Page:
Roupen Herian

Roupen Herian: Rescuer of Orphans Remembered by the TCA Metro LA Chapter

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ALTADENA, Calif. — The Tekeyan Cultural Association Metro Los Angeles Chapter hosted a bilingual program titled “Roupen Herian: Rescuer of Armenian Orphans,” on February 17 at the Tekeyan Center in Altadena. Boston-based scholar Aram Arkun, executive director of the Tekeyan Cultural Association of the United States and Canada and assistant editor of the Armenian Mirror-Spectator, served as the keynote speaker and presented the fascinating life of Herian, who dedicated himself to the herculean task of locating kidnapped Armenian women and children during and immediately after the Armenian Genocide.

Aram Arkun

The master of ceremonies, Carl Bardakian, chairman of the TCA Metro LA chapter, offered brief welcoming remarks. He introduced Kana Hovhannisyan, second secretary of the Republic of Armenia’s Consulate General in Los Angeles, who spoke poignantly about Herian and the importance of his great sacrifices.

Bardakian then introduced Arkun, who presented a detailed overview of the incredible life Herian lived. In particular, he noted that Herian was not driven by narrow political ideology. He started out as a member of the Hnchag Party, became a Reformed Hnchag, and then a member of the Armenian Democratic Party, the predecessor of the Armenian Democratic Liberal Party. Though a dedicated member of his party, he worked with many other organizations for the betterment of the Armenian people and nation.

Arkun noted that Herian was born in Tokat sometime between 1868 and 1872, and later worked in Constantinople, before immigrating to Boston and afterwards moving to New York City. He became a successful businessman in the tobacco industry, while continuing to be deeply involved in Armenian political activities.

In 1916 he carried out a secret war mission for the British government.

Herian helped arrange the transportation of many of the 1,200 Armenian-Americans who joined the Armenian Legion, which successfully defeated the Turkish and German forces at the Battle of Arara in Palestine in September 1918, and himself later enrolled as a legionnaire though he was older than most of the other volunteers. In fact, he was often called the “grey-haired youth” due to his enthusiasm and energy.

Carl Bardakian

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Herian served as the director of an infirmary in Egypt for the legionnaires, and participated in an abortive expedition to help the besieged city of Hadjin in Cilicia. He also played a role in the defense of the Cilician city of Dört Yol (Chork-Marzban).

As representative of the Armenian General Benevolent Union (AGBU), Egyptian Armenian Relief and [Armenian] United Orphan Care, with additional financial support from the Armenian Church, the Armenian Democratic Party (predecessor of the Armenian Democratic Liberal Party), various other Armenian relief organizations, and, most strikingly, many individual Armenians who themselves barely had enough money to live after the Genocide, Herian tried to rescue kidnapped Armenian women and children from the Bedouins, Turks, Kurds and their harems. Using his adept linguistic skills, Herian disguised himself as needed as an American missionary, British official or Bedouin, primarily in the Aleppo, Der Zor and Mosul regions, to carry out his mission. Despite threats of death and robbery and facing great resistance from those who did not want to easily relinquish Armenian women and children from their hold, Herian remained valiant. He used persuasion, money and sometimes threats to rescue Armenian women and children from their captors.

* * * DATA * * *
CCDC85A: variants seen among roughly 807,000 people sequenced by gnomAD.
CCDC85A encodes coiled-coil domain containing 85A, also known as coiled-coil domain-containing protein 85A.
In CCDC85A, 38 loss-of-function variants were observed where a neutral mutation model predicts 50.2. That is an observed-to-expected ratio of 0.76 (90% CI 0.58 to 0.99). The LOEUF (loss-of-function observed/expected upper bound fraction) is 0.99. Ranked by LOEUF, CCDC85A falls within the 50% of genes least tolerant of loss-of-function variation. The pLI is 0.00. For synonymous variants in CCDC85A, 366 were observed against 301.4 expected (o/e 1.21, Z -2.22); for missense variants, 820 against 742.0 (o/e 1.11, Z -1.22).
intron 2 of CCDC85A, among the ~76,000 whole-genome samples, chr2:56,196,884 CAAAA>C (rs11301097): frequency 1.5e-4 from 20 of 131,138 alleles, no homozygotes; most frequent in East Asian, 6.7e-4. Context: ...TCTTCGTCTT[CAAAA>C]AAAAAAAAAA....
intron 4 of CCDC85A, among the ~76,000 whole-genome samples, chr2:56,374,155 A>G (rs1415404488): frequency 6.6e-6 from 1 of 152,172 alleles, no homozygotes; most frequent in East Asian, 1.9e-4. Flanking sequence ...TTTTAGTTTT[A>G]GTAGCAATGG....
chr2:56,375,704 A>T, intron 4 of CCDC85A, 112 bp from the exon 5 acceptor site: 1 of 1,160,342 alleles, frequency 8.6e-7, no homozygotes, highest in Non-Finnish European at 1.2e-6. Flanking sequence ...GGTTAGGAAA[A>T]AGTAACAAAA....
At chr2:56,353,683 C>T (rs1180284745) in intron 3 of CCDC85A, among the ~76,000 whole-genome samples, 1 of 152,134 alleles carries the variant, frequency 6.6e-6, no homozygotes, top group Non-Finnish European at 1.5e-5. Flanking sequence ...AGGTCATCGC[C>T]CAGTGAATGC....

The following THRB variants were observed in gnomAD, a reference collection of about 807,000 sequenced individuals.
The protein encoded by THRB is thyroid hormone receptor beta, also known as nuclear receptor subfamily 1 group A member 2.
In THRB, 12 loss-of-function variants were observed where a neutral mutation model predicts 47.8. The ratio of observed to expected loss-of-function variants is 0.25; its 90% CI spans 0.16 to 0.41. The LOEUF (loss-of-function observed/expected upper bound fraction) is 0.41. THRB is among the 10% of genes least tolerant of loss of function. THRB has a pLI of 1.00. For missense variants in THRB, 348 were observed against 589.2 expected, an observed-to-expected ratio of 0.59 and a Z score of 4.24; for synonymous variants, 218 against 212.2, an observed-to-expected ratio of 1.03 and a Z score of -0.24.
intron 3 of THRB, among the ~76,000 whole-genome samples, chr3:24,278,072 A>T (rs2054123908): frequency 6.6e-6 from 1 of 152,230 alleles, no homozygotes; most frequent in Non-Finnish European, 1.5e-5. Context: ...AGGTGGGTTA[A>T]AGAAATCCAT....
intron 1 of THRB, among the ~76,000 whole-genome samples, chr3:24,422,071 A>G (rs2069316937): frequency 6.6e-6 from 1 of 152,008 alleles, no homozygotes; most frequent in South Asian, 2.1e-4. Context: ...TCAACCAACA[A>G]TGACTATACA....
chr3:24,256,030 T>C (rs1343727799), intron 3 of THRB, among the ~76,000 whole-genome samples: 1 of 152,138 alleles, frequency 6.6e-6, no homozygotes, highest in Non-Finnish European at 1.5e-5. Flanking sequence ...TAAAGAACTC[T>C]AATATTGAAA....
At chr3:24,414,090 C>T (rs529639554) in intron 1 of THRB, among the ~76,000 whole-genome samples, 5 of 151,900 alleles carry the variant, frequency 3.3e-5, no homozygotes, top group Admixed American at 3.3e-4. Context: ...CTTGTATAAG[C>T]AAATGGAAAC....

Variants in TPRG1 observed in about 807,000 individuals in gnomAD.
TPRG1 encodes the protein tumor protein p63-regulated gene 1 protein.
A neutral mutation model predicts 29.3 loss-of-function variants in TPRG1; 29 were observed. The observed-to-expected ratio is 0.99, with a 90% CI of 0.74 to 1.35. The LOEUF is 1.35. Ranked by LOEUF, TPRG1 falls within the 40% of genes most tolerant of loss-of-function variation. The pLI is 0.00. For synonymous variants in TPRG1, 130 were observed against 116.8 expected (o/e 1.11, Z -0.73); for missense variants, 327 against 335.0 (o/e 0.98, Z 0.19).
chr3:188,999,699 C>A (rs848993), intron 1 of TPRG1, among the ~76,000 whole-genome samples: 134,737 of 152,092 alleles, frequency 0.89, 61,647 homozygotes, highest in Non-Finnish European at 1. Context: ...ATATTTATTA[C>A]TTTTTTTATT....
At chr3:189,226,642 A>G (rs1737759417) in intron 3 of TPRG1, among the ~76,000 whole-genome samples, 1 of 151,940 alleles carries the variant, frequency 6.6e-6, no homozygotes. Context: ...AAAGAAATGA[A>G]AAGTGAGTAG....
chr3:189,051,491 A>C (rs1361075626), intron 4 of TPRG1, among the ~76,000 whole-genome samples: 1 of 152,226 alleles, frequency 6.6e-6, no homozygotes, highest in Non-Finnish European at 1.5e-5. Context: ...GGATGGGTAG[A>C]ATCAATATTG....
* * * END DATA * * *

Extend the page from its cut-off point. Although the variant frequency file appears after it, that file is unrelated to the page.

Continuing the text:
Arkun noted that Herian was a moving and effective speaker who participated in fundraising activities in the United States, France, the Ottoman Empire and Egypt with the intent to rescue more women and orphans. His untimely death in Cairo, Egypt on July 7, 1921, prevented him from fulfilling those plans. He was to have gotten married only a few days later.

Kana Hovhanisyan

Recognized at the program was Hratch Manoukian, whose father, Nazaret Manoukian, was a member of the Armenian Legion and fought at the Battle of Arara. He also was a military policeman in Adana. Two others recognized were Hagop Mardirossian, whose father was saved by Roupen Herian and taken to an orphanage in Jerusalem, and Irena Varjabedian, whose grandmother was born in the town of Aksehir in the province of Konya, and saved by Herian.

Participating in the program were the dancers of the Patille Dance Studio of Pasadena, under the direction of Patille and Cynthia Albarian.

Alique Bardakian (center) of the Patille Dance Studio of Pasadena

Roupen Herian made many personal sacrifices to serve the Armenian people, in part by means of the Armenian Legion, Armenian Democratic Party, Armenian National Union and AGBU. He remains a great patriot and hero of the Armenian nation, whose bravery, determination and selflessness led to the rescue of countless Armenian orphans and women.

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